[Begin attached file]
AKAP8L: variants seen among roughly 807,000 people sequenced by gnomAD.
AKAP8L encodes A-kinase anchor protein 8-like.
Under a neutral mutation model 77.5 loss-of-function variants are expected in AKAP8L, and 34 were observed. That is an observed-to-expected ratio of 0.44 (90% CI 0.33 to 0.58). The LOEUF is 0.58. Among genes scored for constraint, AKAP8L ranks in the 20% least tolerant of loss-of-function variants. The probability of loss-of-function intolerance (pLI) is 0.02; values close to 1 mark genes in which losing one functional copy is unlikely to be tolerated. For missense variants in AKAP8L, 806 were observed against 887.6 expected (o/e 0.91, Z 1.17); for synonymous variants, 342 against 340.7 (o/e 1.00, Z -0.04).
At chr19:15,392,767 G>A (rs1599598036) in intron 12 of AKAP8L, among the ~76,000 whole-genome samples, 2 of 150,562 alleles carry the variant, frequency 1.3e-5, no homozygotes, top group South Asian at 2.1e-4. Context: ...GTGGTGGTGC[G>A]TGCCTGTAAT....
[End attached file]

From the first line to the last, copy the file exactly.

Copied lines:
AKAP8L: variants seen among roughly 807,000 people sequenced by gnomAD.
AKAP8L encodes A-kinase anchor protein 8-like.
Under a neutral mutation model 77.5 loss-of-function variants are expected in AKAP8L, and 34 were observed. That is an observed-to-expected ratio of 0.44 (90% CI 0.33 to 0.58). The LOEUF is 0.58. Among genes scored for constraint, AKAP8L ranks in the 20% least tolerant of loss-of-function variants. The probability of loss-of-function intolerance (pLI) is 0.02; values close to 1 mark genes in which losing one functional copy is unlikely to be tolerated. For missense variants in AKAP8L, 806 were observed against 887.6 expected (o/e 0.91, Z 1.17); for synonymous variants, 342 against 340.7 (o/e 1.00, Z -0.04).
At chr19:15,392,767 G>A (rs1599598036) in intron 12 of AKAP8L, among the ~76,000 whole-genome samples, 2 of 150,562 alleles carry the variant, frequency 1.3e-5, no homozygotes, top group South Asian at 2.1e-4. Context: ...GTGGTGGTGC[G>A]TGCCTGTAAT....